It is unfair because it is unbalanced, blaming Israel for the failed peace process when it is the Palestinians who for years have refused to negotiate but turned instead to warfare and lawfare (this very resolution being a case in point).

And it is counterproductive because it makes a negotiated peace much more difficult to achieve.

The Security Council baldly declared that “the establishment“ by Israel of settlements in the Palestinian territory occupied since 1967, including East Jerusalem, has no legal validity and constitutes a flagrant violation under international law.”

These allegations are simply wrong as a matter of international law. Fourteen countries acting in their own political interests – or even all 193 UN members – do not have the ability to decide what the law is. The law is the antidote to the mob, not the product of it. For political reasons (or without even knowing what they were doing), these countries decided to declare that rebuilding ancient synagogues in the Jewish Quarter of the Old City of Jerusalem is a war crime. That does not make it one.”Trevor Norwitz

Despite the Government claiming otherwise, the stance that New Zealand has taken in sponsoring the resolution represents a new policy position and puts it out of step with its allies such as the U.K. and Australia, whose leaders have condemned resolution 2334. However, New Zealand’s Prime Minister has remained supportive of it while, after the fact, stating the desire to reinstate a ‘positive relationship’ with Israel, with no obvious action taken to do so.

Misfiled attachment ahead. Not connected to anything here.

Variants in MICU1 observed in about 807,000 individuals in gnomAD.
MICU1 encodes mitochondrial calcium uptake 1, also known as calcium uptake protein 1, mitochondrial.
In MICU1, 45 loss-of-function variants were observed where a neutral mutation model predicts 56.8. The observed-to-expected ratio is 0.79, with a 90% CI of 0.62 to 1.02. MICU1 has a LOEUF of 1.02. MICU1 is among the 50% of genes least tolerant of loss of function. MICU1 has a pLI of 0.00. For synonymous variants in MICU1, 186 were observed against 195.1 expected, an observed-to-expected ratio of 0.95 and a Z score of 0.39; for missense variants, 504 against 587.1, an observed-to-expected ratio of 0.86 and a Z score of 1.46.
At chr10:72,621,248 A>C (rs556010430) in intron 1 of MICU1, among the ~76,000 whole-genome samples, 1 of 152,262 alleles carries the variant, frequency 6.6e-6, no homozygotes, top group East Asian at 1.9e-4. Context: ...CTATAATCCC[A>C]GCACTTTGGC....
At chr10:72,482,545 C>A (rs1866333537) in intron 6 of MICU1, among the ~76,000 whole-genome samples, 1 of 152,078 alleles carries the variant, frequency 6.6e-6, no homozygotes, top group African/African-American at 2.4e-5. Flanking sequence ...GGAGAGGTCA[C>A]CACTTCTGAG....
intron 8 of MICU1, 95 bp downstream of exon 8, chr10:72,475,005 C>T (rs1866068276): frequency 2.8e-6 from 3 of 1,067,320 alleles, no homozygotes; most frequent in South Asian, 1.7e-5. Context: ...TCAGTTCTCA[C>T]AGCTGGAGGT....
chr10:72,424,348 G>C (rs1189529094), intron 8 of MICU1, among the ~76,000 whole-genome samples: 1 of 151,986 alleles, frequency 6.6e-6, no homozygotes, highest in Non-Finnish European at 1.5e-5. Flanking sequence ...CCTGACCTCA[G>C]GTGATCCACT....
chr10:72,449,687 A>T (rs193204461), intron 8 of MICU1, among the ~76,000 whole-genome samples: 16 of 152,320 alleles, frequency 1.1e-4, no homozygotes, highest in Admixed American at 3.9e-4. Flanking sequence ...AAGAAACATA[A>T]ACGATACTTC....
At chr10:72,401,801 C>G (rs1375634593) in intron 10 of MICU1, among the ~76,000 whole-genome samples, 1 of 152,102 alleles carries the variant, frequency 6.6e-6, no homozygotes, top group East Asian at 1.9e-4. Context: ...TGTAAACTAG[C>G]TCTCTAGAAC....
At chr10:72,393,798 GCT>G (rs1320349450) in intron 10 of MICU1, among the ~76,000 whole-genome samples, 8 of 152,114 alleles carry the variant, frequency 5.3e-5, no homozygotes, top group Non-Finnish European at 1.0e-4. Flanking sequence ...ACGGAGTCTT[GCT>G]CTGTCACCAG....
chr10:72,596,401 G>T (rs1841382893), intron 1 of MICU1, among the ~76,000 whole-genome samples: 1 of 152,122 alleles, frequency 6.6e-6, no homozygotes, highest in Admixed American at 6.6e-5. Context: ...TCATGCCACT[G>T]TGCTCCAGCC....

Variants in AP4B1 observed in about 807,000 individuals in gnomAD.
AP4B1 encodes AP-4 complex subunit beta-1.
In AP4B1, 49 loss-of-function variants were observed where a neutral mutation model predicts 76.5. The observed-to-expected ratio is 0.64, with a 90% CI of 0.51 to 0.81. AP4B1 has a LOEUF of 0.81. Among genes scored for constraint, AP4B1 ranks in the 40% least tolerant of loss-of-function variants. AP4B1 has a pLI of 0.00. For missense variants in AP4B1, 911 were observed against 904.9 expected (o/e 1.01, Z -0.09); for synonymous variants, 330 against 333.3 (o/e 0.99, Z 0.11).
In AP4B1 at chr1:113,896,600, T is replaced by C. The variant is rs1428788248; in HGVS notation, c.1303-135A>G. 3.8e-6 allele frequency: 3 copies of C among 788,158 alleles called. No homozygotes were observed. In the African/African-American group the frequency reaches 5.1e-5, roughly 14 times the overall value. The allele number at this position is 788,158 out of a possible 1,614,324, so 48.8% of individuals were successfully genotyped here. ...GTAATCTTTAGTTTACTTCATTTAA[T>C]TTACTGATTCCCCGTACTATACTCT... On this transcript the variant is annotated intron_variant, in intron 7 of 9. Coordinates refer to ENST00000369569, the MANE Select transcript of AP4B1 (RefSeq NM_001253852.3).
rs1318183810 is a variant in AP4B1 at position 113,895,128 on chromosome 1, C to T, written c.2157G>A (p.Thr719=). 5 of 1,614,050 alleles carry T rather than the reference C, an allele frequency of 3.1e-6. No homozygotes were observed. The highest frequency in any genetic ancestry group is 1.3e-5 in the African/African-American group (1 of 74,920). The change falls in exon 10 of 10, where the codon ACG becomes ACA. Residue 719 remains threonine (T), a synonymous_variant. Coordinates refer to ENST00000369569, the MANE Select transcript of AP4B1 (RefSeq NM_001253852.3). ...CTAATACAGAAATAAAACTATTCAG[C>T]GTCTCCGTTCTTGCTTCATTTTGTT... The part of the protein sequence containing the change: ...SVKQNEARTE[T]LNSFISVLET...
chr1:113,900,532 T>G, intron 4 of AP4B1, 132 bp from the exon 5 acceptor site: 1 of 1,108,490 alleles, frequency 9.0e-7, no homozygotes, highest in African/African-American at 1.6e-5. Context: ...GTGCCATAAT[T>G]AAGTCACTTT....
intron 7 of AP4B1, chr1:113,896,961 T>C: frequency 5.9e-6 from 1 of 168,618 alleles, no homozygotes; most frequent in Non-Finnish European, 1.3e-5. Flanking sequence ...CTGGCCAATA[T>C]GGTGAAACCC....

One can only make assumptions about the motivations of the New Zealand delegation to co-sponsor and vote for such a flawed resolution, but a plausible interpretation is that they did not fully understand or care about its implications. As our Ambassador himself admits, the New Zealand delegation and Minister of Foreign Affairs did not see the words or historical context as important. The key objective appears to have been to achieve a trophy resolution that can be stored “on the shelves” and admired by its proponents, even if it meant ignoring reality and New Zealand’s long-standing position, damaging relations with the only liberal democracy in the Middle East, and worst of all, undermining the peace process.